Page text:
Chimpy achieves what he accused Clinton of doing.
More than two-thirds of the Army National Guard’s 34 brigades are not combat ready, mostly because of equipment shortages that will cost up to $21 billion to correct, the top National Guard general said Tuesday.
And while Army officials still won’t specify how many units are at which levels, they are being more open about the overall declining state of readiness.
A key element of the problem is that Army units returning from the war have either left tanks, trucks or other equipment behind or are bringing them home damaged. Once back, many soldiers either leave the Army or move to other posts, forcing leaders to train others to replace them. As a result, the unit’s ratings drop, said Ey, an Army spokesman.
Last week, several House Democrats said publicly that two-thirds of the Army brigades are rated not ready for combat, and Army officials have not disputed that figure. On Tuesday, Sen. Christopher J. Dodd (news, bio, voting record), D-Conn., also declined to be specific, but said the Army is “very much worse off” than it was in late 1999 when the military said two of the 10 Army divisions were ranked at the lowest readiness level, C-4. At the time, two divisions equaled six brigades.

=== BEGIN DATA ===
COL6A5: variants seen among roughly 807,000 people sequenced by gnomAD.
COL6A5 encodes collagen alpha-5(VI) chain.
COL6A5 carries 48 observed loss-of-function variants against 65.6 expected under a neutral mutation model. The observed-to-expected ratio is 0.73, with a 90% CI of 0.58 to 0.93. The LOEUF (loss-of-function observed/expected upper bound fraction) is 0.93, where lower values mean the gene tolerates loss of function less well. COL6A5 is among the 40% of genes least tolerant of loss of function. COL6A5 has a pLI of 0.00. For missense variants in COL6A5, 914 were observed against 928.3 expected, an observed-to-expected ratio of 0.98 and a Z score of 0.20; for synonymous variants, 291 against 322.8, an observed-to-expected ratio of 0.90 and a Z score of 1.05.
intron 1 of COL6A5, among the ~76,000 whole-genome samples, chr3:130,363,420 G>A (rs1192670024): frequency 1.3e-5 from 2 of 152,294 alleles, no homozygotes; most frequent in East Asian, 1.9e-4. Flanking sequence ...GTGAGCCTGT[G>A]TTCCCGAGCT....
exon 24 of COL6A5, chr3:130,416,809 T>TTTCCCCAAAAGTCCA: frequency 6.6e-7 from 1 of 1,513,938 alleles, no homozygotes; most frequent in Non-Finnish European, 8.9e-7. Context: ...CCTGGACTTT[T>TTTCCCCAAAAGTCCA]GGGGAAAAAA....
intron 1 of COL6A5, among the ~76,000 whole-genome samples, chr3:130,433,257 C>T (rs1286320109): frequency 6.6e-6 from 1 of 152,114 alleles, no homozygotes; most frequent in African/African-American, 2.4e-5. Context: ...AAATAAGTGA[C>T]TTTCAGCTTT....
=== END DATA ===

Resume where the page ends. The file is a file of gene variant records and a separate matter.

The issue gained political momentum when then-candidate George Bush, during his nominating convention, said the Clinton administration let the U.S. military might erode. Now, as the 2006 elections approach, Democrats are saying the Bush administration is shortchanging the military.